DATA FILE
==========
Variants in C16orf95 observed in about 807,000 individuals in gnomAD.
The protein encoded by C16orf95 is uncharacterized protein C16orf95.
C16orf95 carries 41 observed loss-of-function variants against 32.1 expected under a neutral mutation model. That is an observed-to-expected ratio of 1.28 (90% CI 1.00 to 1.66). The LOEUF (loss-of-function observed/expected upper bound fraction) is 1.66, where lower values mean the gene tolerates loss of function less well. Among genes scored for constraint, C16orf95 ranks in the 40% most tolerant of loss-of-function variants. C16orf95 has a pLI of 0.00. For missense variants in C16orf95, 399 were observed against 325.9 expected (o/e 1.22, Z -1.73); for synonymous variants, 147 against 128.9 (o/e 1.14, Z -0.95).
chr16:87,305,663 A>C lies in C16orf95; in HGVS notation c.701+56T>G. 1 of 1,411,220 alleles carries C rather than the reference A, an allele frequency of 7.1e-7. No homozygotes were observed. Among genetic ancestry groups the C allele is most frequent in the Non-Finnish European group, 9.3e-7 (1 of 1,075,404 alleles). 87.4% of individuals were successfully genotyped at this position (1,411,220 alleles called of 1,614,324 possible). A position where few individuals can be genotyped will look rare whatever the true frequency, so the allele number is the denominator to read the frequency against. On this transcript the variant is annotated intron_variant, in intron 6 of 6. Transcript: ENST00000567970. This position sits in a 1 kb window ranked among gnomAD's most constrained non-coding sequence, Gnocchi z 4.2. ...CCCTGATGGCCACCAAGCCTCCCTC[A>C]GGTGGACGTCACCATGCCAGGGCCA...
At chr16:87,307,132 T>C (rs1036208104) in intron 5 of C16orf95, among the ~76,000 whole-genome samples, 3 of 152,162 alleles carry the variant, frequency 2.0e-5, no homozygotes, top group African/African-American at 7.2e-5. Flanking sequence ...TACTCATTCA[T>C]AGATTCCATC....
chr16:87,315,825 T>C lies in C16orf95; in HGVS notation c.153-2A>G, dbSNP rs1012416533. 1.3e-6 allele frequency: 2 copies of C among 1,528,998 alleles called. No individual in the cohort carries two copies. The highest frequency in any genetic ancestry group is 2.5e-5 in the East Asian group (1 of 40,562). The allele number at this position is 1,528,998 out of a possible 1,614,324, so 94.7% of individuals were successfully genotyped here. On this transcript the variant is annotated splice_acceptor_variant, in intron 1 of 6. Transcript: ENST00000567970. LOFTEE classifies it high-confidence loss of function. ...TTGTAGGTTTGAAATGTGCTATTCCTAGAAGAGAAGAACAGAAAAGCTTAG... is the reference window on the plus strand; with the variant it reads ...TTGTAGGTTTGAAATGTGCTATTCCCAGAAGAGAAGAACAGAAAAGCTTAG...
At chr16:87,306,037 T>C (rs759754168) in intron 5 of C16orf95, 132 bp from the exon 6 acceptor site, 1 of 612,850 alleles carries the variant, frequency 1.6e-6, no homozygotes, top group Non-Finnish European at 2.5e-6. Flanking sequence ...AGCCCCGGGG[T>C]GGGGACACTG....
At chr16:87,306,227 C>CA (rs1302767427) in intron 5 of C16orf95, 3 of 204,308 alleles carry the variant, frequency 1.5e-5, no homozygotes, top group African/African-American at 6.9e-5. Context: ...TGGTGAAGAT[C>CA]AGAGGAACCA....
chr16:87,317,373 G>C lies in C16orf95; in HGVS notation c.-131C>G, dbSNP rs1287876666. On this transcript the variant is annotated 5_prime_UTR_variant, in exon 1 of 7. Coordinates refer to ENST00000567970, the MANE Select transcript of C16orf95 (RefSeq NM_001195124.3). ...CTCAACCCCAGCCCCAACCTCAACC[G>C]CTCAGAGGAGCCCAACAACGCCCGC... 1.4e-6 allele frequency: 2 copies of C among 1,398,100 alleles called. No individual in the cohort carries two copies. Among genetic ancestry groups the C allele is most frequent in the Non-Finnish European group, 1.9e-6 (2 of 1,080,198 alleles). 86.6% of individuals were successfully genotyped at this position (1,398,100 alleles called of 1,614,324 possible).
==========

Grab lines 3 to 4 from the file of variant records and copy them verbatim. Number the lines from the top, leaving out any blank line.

C16orf95 carries 41 observed loss-of-function variants against 32.1 expected under a neutral mutation model. That is an observed-to-expected ratio of 1.28 (90% CI 1.00 to 1.66). The LOEUF (loss-of-function observed/expected upper bound fraction) is 1.66, where lower values mean the gene tolerates loss of function less well. Among genes scored for constraint, C16orf95 ranks in the 40% most tolerant of loss-of-function variants. C16orf95 has a pLI of 0.00. For missense variants in C16orf95, 399 were observed against 325.9 expected (o/e 1.22, Z -1.73); for synonymous variants, 147 against 128.9 (o/e 1.14, Z -0.95).
chr16:87,305,663 A>C lies in C16orf95; in HGVS notation c.701+56T>G. 1 of 1,411,220 alleles carries C rather than the reference A, an allele frequency of 7.1e-7. No homozygotes were observed. Among genetic ancestry groups the C allele is most frequent in the Non-Finnish European group, 9.3e-7 (1 of 1,075,404 alleles). 87.4% of individuals were successfully genotyped at this position (1,411,220 alleles called of 1,614,324 possible). A position where few individuals can be genotyped will look rare whatever the true frequency, so the allele number is the denominator to read the frequency against. On this transcript the variant is annotated intron_variant, in intron 6 of 6. Transcript: ENST00000567970. This position sits in a 1 kb window ranked among gnomAD's most constrained non-coding sequence, Gnocchi z 4.2. ...CCCTGATGGCCACCAAGCCTCCCTC[A>C]GGTGGACGTCACCATGCCAGGGCCA...